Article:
In the case that the source pod is still promoted, the SRA will see that and check if the target pod is already promoted AND the volumes in the target pod have the puresra-failover tags. If so, it knows that the SRA previously promoted the target pod and that it is running production now. Therefore it will demote the source pod WITHOUT the quiesce option. This means that any changes build up since on the source side are discarded (or rather not sent to the target side). Once the demotion is complete, the target side becomes the source and it will begin replicating the changes back to the original source side (which is now the target). This demotion reverses the replication direction.
Remember that the demotion will create an undo pod of the state of the original source pod at the point of demotion. So any changes, volumes, configurations will be protected until the undo pod is eradicated manually or eradicated with time as dictated by the eradication timer (defaults to 24 hours).
Note that the source volumes are not tagged with the puresra-demoted tag unlike with a planned migration. Why? Well the demotion without quiesce will cause the tags to never be sent to the target. Then you might add, well why not quiesce? Well because the target is promoted already. Source volume changes, like tags, only get reflected on target volumes when:
- A demoted target pod periodically refreshes itself with the latest replicated data
- A demoted target pod gets promoted.
Since the target pod is already promoted it will never pick up new tags. So creating them is pointless, and replicating them is pointless. But they are needed! This is how we determine that it is safe to run a reprotect. So if we detect upon the recovery side procedures, if we see a source pod that has been demoted, and we see a target pod with only puresra-failover tags, not puresra-demoted tags, we then tag the target volumes directly on the target side with puresra-demoted and the original source pod UUID. This allows the tags to be in the exact state we need to run a reprotect. Source is demoted. Target is promoted. Target volumes have the puresra-failover tag with the value of the target pod UUID and the puresra-demoted tag with the value of the source pod UUID.
Source pod is demoted
If the SRA finds the source pod already demoted, it will check to see if target pod is promoted and has the puresra-failover tags. If so, it will know that the SRA has failed over the source side and will move on. If the volumes in the target pod do not have the puresra-demoted tags (meaning they were never applied on the source and therefore the target volumes did not inherit them upon promotion), they will be applied to the target volumes.
In order to run a reprotect operation, a recovery operation must be fully executed. So if the workflow was run in disaster recovery mode and there were failures on the source site, resolve the issues and re-run the recovery operation until all operations complete successfully. This may require some manual intervention in the VMware environment depending on the failure.
Once complete, the reprotect operation will be available for execution:
Click on the Reprotect button. In the window that pops up, select the box to confirm the process. and click Next.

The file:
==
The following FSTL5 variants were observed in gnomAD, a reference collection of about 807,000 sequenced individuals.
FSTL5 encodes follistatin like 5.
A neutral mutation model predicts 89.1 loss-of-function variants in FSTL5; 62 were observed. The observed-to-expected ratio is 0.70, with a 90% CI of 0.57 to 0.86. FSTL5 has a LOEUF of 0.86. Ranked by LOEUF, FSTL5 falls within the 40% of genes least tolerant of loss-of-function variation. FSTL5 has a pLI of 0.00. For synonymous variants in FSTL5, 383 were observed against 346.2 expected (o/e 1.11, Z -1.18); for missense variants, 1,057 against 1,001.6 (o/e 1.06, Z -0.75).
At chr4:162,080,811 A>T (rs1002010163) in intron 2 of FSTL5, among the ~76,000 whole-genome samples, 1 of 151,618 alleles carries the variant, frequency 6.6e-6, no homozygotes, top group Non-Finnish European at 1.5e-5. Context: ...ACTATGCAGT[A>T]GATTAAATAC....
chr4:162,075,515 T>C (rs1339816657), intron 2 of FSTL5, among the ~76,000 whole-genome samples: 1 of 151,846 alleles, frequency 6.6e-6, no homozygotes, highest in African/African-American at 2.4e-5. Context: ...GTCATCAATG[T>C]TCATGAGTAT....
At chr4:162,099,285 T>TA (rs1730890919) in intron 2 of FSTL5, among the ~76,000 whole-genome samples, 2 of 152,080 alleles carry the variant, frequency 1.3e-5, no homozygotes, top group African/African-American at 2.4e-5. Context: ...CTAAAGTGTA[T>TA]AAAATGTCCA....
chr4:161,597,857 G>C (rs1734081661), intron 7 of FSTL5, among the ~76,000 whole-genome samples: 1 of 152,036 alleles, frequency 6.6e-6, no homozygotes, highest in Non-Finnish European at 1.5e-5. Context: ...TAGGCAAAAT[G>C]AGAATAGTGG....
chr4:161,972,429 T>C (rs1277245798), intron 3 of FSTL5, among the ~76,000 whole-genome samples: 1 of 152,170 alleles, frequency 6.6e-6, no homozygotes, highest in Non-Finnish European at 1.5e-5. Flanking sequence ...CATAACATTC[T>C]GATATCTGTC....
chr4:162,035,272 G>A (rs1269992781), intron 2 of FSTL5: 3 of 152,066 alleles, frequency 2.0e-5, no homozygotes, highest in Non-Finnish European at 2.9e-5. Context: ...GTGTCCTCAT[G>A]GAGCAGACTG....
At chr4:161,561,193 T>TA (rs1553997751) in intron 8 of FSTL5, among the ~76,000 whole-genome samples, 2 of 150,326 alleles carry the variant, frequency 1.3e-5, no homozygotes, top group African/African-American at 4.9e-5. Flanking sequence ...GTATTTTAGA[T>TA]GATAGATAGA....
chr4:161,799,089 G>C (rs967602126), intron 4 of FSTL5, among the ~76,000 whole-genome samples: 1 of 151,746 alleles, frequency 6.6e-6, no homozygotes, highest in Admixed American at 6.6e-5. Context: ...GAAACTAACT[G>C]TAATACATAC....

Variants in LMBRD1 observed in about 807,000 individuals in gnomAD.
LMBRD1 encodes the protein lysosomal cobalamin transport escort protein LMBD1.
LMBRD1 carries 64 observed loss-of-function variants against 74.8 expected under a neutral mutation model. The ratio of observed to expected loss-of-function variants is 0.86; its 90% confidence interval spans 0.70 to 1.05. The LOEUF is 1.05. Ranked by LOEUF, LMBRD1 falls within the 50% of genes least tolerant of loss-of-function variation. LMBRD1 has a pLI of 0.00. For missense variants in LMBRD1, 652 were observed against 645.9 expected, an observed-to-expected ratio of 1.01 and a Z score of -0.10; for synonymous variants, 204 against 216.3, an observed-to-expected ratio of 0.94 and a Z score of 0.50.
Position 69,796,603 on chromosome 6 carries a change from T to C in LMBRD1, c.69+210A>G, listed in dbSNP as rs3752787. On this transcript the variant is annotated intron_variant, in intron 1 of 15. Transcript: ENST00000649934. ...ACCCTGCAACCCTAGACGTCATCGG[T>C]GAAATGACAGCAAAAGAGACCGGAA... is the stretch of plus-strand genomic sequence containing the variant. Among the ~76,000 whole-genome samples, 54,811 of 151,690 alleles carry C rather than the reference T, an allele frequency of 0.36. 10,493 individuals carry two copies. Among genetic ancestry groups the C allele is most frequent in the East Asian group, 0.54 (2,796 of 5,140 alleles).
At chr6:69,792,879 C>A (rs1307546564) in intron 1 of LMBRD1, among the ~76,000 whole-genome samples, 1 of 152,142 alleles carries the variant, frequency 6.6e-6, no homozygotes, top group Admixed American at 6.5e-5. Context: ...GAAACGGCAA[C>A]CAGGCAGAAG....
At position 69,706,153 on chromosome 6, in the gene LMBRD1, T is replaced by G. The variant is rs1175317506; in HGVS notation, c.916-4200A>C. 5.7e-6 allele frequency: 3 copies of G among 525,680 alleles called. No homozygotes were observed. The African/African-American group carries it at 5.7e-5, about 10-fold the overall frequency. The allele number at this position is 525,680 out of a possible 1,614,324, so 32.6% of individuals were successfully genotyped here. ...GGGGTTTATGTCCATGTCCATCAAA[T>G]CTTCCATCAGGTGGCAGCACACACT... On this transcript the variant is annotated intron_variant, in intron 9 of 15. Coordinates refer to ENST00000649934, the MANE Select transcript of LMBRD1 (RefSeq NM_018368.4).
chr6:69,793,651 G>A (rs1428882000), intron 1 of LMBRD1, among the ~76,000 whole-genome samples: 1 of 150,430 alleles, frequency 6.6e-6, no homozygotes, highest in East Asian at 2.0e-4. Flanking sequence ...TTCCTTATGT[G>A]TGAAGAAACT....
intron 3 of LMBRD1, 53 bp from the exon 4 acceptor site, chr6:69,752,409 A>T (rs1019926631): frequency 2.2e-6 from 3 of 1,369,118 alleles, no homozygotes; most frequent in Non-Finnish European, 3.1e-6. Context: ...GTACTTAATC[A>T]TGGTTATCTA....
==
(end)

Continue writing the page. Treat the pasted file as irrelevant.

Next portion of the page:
Review the details and click Finish to start the reprotect.
The reprotection process for ActiveDR is fairly straightforward for the SRA.
The process is:
- Remove the puresra-demoted and puresra-failover tag from all of the volumes on the now source site.
- Confirm that replication is enabled and in-sync to the formerly source, but now target, site.
Prior to a reprotect the volumes on both sides will have both the puresra-demoted tag and the puresra-failover tag:
You will notice during the step Configure storage to reverse direction, the tags are removed on the source volumes:
But they are still on the target side after the reprotect is completed:
This is because the tags are removed from the source volumes directly. Removing the tags pn the source volumes causes the removal of the tags to be propagated to the target volumes within minutes--therefore there is no need for them to be directly removed (also the array blocks manipulating volumes in a demoted pod directly in any way).
Their automated disappearance can take up to 15 minutes to occur, though the update can be forced by promoting then demoting the target pod (either manually or by running a test recovery).
It is recommended to run a reprotect operation as quickly as you can to re-enable disaster recovery. If a disaster occurs while the environment is in a recovered, but-not-yet reprotected state, SRM-controlled recovery will not be possible and manual intervention will be needed.
Failback is identical to failover in every way. No temporary objects are created and no cleanup is normally required. The main thing to note is that if an undo pod for the current source pod is identified by the SRA, it will not be able to demote the source pod and the recovery will fail. To enable a recovery, manually eradicate any undo pod listed under the source pod and retry.
An undo pod can exist for the source pod if there are quick recovery operations back and forth (in less time than the eradication window which defaults to 24 hours). If you are unable to eradicate the undo pod (for example if safemode is enabled) you must run a disaster recovery operation for the recovery and then re-run the recovery when the pod is eventually eradicated by the timer.
See below for additional information on issues you might encounter and their resolutions.